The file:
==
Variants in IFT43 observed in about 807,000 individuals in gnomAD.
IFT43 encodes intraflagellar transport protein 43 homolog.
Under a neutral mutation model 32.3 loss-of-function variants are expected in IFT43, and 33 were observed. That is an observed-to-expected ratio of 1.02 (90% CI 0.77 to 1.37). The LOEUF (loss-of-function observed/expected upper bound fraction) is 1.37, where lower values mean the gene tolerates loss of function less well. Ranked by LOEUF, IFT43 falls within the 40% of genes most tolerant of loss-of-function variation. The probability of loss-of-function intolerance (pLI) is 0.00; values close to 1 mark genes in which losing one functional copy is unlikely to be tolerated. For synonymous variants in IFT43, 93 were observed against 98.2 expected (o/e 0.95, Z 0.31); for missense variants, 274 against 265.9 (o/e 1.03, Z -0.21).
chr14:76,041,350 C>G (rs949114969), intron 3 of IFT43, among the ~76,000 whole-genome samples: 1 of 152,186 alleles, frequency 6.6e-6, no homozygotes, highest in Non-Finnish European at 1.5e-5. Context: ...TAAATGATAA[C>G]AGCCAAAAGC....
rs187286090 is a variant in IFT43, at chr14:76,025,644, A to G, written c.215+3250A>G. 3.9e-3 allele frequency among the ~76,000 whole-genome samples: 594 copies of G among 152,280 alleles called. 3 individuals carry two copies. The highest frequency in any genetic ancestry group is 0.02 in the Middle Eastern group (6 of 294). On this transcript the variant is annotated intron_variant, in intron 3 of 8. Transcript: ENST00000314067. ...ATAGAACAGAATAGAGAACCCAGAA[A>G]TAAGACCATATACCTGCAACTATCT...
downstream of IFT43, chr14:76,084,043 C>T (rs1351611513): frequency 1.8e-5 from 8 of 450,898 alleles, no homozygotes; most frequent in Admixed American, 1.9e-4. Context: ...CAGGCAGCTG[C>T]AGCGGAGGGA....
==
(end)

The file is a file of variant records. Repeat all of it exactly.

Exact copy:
Variants in IFT43 observed in about 807,000 individuals in gnomAD.
IFT43 encodes intraflagellar transport protein 43 homolog.
Under a neutral mutation model 32.3 loss-of-function variants are expected in IFT43, and 33 were observed. That is an observed-to-expected ratio of 1.02 (90% CI 0.77 to 1.37). The LOEUF (loss-of-function observed/expected upper bound fraction) is 1.37, where lower values mean the gene tolerates loss of function less well. Ranked by LOEUF, IFT43 falls within the 40% of genes most tolerant of loss-of-function variation. The probability of loss-of-function intolerance (pLI) is 0.00; values close to 1 mark genes in which losing one functional copy is unlikely to be tolerated. For synonymous variants in IFT43, 93 were observed against 98.2 expected (o/e 0.95, Z 0.31); for missense variants, 274 against 265.9 (o/e 1.03, Z -0.21).
chr14:76,041,350 C>G (rs949114969), intron 3 of IFT43, among the ~76,000 whole-genome samples: 1 of 152,186 alleles, frequency 6.6e-6, no homozygotes, highest in Non-Finnish European at 1.5e-5. Context: ...TAAATGATAA[C>G]AGCCAAAAGC....
rs187286090 is a variant in IFT43, at chr14:76,025,644, A to G, written c.215+3250A>G. 3.9e-3 allele frequency among the ~76,000 whole-genome samples: 594 copies of G among 152,280 alleles called. 3 individuals carry two copies. The highest frequency in any genetic ancestry group is 0.02 in the Middle Eastern group (6 of 294). On this transcript the variant is annotated intron_variant, in intron 3 of 8. Transcript: ENST00000314067. ...ATAGAACAGAATAGAGAACCCAGAA[A>G]TAAGACCATATACCTGCAACTATCT...
downstream of IFT43, chr14:76,084,043 C>T (rs1351611513): frequency 1.8e-5 from 8 of 450,898 alleles, no homozygotes; most frequent in Admixed American, 1.9e-4. Context: ...CAGGCAGCTG[C>T]AGCGGAGGGA....